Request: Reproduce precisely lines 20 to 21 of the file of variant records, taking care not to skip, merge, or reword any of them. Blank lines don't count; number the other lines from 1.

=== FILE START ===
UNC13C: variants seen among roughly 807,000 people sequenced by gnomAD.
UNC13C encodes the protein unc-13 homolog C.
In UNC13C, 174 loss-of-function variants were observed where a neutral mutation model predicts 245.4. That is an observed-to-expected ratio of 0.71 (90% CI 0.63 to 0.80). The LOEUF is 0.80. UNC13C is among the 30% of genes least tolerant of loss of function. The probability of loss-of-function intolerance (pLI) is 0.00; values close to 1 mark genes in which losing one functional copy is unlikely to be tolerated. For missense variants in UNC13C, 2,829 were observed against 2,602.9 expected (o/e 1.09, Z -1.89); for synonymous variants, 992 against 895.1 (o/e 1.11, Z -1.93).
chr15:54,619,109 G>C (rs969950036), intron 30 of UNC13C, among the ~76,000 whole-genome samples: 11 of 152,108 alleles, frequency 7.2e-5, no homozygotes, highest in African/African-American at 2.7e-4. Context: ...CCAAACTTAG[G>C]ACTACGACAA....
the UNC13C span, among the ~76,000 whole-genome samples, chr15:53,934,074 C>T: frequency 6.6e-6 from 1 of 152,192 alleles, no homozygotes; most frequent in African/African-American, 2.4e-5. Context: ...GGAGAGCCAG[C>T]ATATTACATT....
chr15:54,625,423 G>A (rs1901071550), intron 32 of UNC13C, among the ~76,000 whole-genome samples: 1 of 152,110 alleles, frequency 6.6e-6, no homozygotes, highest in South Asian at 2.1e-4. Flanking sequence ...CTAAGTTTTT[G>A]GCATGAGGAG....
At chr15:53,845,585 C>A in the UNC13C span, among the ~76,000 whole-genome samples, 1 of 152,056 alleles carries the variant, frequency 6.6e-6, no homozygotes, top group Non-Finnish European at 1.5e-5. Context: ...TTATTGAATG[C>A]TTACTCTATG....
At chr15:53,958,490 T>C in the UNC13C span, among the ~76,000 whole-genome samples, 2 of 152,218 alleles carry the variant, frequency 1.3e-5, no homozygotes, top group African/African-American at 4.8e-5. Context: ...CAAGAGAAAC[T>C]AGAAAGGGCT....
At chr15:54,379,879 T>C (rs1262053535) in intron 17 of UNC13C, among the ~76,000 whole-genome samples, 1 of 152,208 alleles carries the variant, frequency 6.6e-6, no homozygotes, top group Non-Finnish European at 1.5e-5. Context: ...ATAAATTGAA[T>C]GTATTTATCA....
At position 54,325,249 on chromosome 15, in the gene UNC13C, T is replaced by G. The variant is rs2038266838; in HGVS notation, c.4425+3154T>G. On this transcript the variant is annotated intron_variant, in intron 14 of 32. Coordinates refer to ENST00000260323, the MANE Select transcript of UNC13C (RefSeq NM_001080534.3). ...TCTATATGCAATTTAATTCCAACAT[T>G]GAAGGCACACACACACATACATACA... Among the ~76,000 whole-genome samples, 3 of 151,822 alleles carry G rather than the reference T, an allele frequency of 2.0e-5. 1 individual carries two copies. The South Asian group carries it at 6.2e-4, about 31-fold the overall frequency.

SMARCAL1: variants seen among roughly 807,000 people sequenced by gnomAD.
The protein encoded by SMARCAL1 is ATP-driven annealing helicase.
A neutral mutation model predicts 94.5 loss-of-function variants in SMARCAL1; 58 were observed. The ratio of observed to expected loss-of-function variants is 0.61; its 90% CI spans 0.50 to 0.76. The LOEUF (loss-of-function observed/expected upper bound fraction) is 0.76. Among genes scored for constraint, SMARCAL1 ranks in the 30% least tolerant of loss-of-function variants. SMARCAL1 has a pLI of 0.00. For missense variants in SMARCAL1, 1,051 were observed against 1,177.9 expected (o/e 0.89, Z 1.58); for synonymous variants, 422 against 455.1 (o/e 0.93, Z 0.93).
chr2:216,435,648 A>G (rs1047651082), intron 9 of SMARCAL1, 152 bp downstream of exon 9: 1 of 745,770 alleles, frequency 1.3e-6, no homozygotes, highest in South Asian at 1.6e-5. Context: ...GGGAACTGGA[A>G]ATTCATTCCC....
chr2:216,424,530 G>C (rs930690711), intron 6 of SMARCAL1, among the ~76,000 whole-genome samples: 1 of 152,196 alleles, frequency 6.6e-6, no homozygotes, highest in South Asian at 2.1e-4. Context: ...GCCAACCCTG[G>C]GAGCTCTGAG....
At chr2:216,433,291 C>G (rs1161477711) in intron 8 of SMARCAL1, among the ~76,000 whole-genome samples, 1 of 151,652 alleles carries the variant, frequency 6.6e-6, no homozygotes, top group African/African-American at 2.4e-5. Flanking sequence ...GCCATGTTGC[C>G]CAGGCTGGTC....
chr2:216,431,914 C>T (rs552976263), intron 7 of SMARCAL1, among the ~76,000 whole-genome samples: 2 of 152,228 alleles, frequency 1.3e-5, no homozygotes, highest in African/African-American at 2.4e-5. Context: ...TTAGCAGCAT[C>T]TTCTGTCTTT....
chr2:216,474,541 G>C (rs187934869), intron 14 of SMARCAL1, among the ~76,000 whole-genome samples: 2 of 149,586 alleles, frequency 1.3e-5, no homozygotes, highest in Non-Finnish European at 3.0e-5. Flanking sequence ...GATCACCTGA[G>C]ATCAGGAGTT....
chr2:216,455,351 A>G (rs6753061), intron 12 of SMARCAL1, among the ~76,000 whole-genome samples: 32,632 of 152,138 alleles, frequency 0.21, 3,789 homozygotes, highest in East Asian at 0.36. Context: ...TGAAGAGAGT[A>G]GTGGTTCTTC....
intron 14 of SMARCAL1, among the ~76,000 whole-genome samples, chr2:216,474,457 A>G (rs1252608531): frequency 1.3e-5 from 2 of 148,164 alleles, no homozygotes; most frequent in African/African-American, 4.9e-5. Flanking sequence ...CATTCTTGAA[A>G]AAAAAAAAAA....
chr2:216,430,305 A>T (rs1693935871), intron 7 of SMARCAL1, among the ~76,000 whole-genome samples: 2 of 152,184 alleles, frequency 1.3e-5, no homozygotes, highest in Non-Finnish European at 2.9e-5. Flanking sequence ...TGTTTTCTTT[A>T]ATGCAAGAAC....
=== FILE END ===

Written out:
intron 14 of SMARCAL1, among the ~76,000 whole-genome samples, chr2:216,474,457 A>G (rs1252608531): frequency 1.3e-5 from 2 of 148,164 alleles, no homozygotes; most frequent in African/African-American, 4.9e-5. Flanking sequence ...CATTCTTGAA[A>G]AAAAAAAAAA....
chr2:216,430,305 A>T (rs1693935871), intron 7 of SMARCAL1, among the ~76,000 whole-genome samples: 2 of 152,184 alleles, frequency 1.3e-5, no homozygotes, highest in Non-Finnish European at 2.9e-5. Flanking sequence ...TGTTTTCTTT[A>T]ATGCAAGAAC....